In terms of gameplay, Parasol Stars is a heady mixture of ideas from its predecessors. Set across a number of single screens, the basic aim of the one or two-player game is to clear a screen of nasties whilst amassing as many bonuses as possible. Retaining their human form from Rainbow Islands, the game’s odd scenario tells of how the freshly-saved inhabitants of the Rainbow Islands expressed their gratitude by giving the dungaree-clad pair a magic umbrella each. However, as news swept the area of an evil being called Chaos Tikahn overrunning other planets in the galaxy, a space wind magically swept the brollies and their passengers towards their new adventure. Depending on the worlds – and there’s Casino, Machinery, and Music among the eight to battle though – the backdrops and sprites change to reflect the differences. Thus, as you ‘brolly’ your way through Woodland World, all manner of vengeful vegetation scurries about and the end-of-level Bosses are larger versions of these. The screens follow a basic pattern of symmetrical platform arrangements, upon which Chaos’s minions roam. Bub and Bob are then dropped into the bottom corners of the screen, and the aliens kick into life. With the titular Parasols replacing their past arrangements of deadly rainbows and encapsulating bubbles, you may think that the twins are pretty much unarmed. However, these are magic Parasols and, as such, can be used to scoop up an errant nasty and lob them across the screen at their cohorts – alternatively, the players can also pick up their partner and use them instead! In addition, water, fire and zappy droplets also can be gathered and thrown from the raised Parasol’s surface and, when five are collected, their effectiveness doubles – the water droplets, for instance, combine to create a Bubble Bobble-style waterfall to sweep away all in its path. Control over the two heroes is via the joystick, with the directional controls guiding them as they run and jump, and when used in conjunction with the fire-button, readying the all-important brollies for action. Graphically, it fits in perfectly with the others but the area where Parasol succeeds most is in the ever-essential gameplay stakes. The game’s gentle learning curve eases the player into its intricacies, and although there’s plenty of scope for progress, there’s no way this will be beaten in one sitting.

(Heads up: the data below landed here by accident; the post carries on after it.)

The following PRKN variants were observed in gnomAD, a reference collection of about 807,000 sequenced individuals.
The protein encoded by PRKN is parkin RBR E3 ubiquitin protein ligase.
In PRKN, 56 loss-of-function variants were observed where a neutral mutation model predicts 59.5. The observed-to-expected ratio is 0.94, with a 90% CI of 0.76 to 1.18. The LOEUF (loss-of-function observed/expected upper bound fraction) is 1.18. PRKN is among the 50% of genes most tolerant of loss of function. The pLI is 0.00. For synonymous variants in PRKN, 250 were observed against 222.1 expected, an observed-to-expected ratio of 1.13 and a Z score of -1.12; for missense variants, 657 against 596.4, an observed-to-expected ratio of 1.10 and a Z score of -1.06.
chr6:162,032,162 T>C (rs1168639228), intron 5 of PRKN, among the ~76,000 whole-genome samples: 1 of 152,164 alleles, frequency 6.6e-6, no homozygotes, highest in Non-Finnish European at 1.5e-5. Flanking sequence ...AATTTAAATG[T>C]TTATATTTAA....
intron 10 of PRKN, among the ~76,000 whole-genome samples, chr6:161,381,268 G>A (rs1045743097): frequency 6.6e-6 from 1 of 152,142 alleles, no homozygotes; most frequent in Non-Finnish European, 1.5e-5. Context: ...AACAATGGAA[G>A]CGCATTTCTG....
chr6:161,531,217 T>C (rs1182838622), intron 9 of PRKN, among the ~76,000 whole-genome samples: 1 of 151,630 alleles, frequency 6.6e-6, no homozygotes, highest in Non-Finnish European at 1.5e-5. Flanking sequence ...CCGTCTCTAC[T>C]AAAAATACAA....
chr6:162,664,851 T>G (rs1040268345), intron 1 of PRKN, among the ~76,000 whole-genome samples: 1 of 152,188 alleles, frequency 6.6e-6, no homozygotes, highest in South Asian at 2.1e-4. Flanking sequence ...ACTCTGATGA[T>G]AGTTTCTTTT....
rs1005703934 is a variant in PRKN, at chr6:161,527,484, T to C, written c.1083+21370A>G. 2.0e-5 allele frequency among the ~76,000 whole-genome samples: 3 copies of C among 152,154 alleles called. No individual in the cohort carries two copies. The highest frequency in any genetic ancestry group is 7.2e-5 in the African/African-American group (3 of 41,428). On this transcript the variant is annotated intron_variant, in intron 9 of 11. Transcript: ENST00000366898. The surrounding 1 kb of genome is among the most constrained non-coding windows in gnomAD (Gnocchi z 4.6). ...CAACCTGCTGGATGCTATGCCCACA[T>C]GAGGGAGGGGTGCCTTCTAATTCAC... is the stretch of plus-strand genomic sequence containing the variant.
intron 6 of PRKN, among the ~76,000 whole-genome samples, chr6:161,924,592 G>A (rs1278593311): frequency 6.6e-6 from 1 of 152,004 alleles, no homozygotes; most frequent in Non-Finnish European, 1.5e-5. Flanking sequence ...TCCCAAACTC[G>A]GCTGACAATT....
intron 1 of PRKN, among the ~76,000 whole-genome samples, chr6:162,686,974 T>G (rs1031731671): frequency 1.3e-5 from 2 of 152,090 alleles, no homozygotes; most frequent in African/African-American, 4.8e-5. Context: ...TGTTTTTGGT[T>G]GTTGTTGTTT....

More news: Generation Amiga magazine